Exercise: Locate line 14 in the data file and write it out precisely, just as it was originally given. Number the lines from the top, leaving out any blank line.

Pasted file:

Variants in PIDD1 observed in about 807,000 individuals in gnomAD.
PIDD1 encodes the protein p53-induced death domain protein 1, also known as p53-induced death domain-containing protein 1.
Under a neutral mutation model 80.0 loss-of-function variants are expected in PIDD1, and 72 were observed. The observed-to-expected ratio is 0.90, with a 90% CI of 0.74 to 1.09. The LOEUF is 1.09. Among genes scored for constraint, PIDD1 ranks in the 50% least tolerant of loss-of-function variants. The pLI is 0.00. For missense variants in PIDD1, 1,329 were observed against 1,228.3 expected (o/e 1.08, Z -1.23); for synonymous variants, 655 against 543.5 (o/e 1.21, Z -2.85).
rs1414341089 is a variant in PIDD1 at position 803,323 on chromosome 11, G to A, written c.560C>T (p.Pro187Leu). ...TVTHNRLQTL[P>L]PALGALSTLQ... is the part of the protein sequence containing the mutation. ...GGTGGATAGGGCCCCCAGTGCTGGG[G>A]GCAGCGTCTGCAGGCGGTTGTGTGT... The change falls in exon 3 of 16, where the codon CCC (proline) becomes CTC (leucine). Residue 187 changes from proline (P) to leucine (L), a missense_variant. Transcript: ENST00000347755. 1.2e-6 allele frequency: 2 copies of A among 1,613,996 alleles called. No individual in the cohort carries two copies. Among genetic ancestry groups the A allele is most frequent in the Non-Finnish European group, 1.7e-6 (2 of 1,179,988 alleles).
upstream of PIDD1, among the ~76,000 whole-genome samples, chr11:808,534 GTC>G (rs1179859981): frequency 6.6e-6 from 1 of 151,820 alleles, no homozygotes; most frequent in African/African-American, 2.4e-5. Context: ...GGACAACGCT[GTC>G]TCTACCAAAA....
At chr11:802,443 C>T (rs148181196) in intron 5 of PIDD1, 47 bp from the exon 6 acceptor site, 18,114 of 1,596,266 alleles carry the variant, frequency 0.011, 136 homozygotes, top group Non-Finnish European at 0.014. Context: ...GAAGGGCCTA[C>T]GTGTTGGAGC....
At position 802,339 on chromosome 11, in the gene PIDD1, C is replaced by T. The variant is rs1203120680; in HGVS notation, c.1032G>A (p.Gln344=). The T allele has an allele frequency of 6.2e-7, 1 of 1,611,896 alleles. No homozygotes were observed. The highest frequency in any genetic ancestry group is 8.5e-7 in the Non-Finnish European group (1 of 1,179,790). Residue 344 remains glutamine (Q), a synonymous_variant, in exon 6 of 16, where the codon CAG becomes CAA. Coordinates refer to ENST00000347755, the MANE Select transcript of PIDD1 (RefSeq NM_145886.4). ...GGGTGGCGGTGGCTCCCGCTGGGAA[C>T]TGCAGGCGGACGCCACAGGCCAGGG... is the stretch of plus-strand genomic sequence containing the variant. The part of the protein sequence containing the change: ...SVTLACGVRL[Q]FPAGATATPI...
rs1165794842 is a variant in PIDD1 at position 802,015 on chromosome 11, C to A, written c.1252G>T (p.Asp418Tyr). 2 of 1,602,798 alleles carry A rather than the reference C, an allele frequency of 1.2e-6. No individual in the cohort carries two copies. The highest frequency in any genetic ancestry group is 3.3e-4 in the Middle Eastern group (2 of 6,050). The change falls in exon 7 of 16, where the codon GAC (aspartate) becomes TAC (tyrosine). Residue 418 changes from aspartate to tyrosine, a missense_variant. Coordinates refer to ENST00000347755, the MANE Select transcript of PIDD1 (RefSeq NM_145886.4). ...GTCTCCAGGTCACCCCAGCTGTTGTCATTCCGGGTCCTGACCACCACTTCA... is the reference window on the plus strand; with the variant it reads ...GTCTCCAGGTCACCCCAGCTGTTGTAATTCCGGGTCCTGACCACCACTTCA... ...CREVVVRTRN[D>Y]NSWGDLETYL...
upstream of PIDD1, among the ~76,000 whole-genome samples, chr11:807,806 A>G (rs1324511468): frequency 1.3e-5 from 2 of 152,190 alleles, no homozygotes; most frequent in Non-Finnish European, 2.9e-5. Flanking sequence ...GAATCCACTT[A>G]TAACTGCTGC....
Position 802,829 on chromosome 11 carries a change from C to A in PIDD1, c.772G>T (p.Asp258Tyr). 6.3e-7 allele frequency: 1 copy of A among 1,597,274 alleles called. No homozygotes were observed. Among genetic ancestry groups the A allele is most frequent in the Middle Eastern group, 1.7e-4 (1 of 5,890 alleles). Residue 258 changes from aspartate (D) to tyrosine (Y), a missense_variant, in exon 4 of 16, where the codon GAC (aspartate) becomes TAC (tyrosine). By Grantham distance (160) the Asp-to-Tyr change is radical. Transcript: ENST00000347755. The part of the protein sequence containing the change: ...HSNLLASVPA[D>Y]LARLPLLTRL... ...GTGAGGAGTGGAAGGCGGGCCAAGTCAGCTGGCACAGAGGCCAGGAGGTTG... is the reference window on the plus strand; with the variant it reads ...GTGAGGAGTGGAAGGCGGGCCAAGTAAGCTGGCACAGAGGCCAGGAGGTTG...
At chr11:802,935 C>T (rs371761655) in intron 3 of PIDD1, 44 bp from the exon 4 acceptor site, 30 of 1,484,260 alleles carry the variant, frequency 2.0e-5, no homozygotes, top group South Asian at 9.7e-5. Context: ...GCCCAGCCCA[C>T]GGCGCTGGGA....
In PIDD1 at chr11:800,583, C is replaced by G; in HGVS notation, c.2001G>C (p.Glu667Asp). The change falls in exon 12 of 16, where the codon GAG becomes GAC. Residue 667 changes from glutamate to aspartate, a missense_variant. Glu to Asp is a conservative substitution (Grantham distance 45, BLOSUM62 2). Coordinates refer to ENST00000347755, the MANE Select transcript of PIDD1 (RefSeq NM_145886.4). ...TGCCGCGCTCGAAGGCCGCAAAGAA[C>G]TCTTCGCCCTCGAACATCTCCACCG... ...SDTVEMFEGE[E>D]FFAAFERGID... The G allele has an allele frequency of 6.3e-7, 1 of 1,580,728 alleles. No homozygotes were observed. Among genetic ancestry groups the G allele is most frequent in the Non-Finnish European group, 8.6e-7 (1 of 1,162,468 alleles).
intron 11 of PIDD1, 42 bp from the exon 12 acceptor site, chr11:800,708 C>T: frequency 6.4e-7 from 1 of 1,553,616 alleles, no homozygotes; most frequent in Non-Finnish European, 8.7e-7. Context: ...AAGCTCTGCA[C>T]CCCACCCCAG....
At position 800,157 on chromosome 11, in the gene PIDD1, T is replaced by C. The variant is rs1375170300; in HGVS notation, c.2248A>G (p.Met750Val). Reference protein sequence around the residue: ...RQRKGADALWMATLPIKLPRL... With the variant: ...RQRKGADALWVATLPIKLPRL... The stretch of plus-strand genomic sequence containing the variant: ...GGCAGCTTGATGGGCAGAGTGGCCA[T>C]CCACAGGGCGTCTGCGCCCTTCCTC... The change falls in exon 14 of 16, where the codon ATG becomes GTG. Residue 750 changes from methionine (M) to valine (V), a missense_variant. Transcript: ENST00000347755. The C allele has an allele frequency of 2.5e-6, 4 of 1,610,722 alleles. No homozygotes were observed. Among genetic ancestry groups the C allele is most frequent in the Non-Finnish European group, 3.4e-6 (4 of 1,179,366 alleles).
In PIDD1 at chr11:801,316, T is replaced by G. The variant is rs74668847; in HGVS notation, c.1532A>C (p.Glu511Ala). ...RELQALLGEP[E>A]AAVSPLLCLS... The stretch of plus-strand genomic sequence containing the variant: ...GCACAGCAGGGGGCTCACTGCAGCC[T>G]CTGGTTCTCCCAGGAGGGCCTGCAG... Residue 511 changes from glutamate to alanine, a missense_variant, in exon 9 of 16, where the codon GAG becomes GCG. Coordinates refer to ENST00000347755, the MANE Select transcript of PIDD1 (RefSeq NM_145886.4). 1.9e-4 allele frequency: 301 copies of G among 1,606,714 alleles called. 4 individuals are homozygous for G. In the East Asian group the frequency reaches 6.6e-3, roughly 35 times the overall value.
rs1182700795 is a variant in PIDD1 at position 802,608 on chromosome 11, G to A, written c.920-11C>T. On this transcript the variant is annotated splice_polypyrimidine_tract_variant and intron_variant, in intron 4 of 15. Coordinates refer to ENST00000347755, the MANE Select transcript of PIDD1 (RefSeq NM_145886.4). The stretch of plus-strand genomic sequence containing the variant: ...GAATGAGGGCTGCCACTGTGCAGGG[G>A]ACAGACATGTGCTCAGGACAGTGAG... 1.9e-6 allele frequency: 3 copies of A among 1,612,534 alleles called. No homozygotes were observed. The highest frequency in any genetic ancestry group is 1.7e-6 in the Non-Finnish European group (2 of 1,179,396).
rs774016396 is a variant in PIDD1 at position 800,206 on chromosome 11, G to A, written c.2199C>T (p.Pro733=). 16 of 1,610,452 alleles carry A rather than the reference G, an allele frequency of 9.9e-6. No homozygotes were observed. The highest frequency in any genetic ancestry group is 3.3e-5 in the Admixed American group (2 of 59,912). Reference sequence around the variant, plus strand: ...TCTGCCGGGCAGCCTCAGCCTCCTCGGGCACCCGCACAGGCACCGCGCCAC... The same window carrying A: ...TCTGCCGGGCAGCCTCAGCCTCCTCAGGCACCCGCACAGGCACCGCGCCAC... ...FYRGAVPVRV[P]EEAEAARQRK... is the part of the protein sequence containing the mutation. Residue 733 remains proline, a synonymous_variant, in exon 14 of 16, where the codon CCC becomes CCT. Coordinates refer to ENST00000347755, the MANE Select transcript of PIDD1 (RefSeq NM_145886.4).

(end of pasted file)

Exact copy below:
At position 800,157 on chromosome 11, in the gene PIDD1, T is replaced by C. The variant is rs1375170300; in HGVS notation, c.2248A>G (p.Met750Val). Reference protein sequence around the residue: ...RQRKGADALWMATLPIKLPRL... With the variant: ...RQRKGADALWVATLPIKLPRL... The stretch of plus-strand genomic sequence containing the variant: ...GGCAGCTTGATGGGCAGAGTGGCCA[T>C]CCACAGGGCGTCTGCGCCCTTCCTC... The change falls in exon 14 of 16, where the codon ATG becomes GTG. Residue 750 changes from methionine (M) to valine (V), a missense_variant. Transcript: ENST00000347755. The C allele has an allele frequency of 2.5e-6, 4 of 1,610,722 alleles. No homozygotes were observed. Among genetic ancestry groups the C allele is most frequent in the Non-Finnish European group, 3.4e-6 (4 of 1,179,366 alleles).